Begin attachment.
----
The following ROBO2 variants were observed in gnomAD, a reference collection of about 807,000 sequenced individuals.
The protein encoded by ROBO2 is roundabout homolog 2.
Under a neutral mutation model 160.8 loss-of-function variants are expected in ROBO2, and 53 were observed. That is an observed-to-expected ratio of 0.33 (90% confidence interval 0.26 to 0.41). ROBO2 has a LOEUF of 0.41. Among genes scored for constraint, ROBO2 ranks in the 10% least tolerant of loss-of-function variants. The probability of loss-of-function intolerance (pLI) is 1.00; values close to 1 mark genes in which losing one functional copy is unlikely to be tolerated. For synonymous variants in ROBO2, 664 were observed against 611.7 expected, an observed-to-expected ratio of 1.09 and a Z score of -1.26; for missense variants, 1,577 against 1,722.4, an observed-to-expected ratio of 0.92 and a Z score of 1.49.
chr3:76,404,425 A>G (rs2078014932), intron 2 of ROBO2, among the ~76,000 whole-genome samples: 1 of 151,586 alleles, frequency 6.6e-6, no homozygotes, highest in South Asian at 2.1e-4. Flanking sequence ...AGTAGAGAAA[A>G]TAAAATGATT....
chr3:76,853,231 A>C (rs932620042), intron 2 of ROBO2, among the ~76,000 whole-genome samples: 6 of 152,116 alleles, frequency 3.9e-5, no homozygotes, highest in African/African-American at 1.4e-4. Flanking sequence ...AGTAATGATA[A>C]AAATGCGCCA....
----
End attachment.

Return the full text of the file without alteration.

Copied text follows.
The following ROBO2 variants were observed in gnomAD, a reference collection of about 807,000 sequenced individuals.
The protein encoded by ROBO2 is roundabout homolog 2.
Under a neutral mutation model 160.8 loss-of-function variants are expected in ROBO2, and 53 were observed. That is an observed-to-expected ratio of 0.33 (90% confidence interval 0.26 to 0.41). ROBO2 has a LOEUF of 0.41. Among genes scored for constraint, ROBO2 ranks in the 10% least tolerant of loss-of-function variants. The probability of loss-of-function intolerance (pLI) is 1.00; values close to 1 mark genes in which losing one functional copy is unlikely to be tolerated. For synonymous variants in ROBO2, 664 were observed against 611.7 expected, an observed-to-expected ratio of 1.09 and a Z score of -1.26; for missense variants, 1,577 against 1,722.4, an observed-to-expected ratio of 0.92 and a Z score of 1.49.
chr3:76,404,425 A>G (rs2078014932), intron 2 of ROBO2, among the ~76,000 whole-genome samples: 1 of 151,586 alleles, frequency 6.6e-6, no homozygotes, highest in South Asian at 2.1e-4. Flanking sequence ...AGTAGAGAAA[A>G]TAAAATGATT....
chr3:76,853,231 A>C (rs932620042), intron 2 of ROBO2, among the ~76,000 whole-genome samples: 6 of 152,116 alleles, frequency 3.9e-5, no homozygotes, highest in African/African-American at 1.4e-4. Flanking sequence ...AGTAATGATA[A>C]AAATGCGCCA....